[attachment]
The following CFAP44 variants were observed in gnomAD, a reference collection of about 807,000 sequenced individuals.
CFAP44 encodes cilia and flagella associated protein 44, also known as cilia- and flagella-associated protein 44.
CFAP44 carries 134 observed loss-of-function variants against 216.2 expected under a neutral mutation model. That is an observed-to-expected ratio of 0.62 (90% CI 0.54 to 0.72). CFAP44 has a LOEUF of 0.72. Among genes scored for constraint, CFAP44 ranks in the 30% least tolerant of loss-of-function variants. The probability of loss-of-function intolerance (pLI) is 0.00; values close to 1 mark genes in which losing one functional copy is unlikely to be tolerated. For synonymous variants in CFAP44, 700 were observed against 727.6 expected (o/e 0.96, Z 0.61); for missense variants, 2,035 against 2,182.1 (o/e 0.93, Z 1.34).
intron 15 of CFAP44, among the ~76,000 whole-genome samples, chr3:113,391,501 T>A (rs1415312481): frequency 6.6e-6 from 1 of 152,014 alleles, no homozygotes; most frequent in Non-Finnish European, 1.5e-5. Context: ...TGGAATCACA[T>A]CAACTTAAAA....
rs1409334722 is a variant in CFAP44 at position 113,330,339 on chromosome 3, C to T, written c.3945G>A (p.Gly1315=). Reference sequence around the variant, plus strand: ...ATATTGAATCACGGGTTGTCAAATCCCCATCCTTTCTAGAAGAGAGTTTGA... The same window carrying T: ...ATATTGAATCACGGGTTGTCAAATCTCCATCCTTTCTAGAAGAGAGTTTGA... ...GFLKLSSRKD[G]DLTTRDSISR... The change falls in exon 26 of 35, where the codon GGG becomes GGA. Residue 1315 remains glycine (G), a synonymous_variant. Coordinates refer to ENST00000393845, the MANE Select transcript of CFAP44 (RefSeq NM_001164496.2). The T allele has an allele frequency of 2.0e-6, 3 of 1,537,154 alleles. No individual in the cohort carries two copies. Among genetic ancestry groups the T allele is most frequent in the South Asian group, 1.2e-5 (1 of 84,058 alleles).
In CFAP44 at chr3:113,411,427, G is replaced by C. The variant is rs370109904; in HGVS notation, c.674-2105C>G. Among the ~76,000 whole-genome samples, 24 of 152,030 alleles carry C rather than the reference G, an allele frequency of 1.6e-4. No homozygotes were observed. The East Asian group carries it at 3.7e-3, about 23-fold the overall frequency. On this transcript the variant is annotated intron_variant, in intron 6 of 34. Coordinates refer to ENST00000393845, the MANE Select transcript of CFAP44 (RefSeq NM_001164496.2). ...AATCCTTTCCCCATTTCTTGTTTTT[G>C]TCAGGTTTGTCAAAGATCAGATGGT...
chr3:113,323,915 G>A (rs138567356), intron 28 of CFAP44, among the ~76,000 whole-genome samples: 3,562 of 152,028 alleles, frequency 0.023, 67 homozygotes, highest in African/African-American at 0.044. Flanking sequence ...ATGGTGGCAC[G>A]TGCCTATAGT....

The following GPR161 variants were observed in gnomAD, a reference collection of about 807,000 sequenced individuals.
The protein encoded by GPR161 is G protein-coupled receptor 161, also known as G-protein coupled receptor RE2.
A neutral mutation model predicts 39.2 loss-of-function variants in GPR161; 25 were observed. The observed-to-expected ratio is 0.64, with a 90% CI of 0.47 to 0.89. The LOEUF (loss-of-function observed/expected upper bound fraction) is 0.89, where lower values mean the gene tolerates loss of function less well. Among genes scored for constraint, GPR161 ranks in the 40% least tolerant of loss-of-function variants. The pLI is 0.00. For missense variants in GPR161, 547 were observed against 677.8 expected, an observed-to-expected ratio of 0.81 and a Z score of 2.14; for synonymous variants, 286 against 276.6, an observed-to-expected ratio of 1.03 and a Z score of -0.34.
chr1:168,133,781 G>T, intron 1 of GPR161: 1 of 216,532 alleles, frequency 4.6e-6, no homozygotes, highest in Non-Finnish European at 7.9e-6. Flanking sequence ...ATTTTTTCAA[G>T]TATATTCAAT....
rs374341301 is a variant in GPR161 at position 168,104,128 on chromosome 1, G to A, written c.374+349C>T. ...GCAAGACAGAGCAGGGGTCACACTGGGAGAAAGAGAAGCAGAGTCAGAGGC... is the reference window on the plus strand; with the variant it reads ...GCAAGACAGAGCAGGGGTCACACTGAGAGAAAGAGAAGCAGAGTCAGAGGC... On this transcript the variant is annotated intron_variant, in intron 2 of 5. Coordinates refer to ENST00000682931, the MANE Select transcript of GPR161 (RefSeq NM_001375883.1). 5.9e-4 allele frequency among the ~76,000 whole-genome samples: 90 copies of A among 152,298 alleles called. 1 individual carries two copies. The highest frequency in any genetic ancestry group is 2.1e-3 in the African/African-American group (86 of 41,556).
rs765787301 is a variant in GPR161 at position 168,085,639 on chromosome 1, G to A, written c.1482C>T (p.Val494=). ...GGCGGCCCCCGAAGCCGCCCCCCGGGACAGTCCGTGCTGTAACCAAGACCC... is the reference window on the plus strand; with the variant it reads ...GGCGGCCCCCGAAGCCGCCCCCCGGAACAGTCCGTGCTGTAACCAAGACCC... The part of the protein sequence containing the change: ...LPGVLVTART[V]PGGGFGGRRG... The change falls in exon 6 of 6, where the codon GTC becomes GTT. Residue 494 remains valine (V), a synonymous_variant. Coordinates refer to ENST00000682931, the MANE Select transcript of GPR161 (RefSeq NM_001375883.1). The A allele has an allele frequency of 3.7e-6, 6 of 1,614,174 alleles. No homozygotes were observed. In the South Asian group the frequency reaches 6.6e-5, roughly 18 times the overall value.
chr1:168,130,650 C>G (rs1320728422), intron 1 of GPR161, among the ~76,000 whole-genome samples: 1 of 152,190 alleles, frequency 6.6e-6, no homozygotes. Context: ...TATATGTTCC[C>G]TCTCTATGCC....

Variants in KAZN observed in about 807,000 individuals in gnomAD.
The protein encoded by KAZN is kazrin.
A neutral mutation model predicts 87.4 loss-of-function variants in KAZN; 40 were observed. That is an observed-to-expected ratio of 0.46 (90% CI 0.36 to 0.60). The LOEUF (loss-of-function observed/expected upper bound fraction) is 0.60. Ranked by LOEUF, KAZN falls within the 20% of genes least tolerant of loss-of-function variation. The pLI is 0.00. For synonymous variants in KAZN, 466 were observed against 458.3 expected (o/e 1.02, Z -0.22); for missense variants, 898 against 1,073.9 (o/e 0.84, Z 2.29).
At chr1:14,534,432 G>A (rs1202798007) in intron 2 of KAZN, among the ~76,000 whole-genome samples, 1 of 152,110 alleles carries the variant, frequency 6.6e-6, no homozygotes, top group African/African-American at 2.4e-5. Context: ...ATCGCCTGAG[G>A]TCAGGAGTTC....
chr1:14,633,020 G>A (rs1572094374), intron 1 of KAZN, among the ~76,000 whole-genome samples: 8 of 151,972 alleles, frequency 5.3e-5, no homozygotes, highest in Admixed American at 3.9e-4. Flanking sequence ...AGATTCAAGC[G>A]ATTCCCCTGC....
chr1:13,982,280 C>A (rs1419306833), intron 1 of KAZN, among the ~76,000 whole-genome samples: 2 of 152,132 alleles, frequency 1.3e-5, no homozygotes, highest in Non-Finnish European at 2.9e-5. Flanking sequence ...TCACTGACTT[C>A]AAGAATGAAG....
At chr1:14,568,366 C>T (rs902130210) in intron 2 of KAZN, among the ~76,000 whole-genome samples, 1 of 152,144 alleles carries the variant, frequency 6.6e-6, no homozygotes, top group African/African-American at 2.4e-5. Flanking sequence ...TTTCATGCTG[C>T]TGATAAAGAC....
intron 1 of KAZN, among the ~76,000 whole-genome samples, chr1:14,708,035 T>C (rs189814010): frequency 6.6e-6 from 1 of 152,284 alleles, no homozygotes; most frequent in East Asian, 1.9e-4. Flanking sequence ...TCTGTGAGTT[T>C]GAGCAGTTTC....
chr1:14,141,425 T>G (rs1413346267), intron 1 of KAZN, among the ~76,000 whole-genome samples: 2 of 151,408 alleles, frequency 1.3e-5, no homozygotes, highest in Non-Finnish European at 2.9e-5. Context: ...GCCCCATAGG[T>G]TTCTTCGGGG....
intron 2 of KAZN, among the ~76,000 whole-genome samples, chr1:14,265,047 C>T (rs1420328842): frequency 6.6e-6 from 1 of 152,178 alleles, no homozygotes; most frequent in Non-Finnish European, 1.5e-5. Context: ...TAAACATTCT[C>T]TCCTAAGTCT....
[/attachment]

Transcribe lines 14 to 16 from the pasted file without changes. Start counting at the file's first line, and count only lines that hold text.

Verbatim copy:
chr1:168,130,650 C>G (rs1320728422), intron 1 of GPR161, among the ~76,000 whole-genome samples: 1 of 152,190 alleles, frequency 6.6e-6, no homozygotes. Context: ...TATATGTTCC[C>G]TCTCTATGCC....

Variants in KAZN observed in about 807,000 individuals in gnomAD.
The protein encoded by KAZN is kazrin.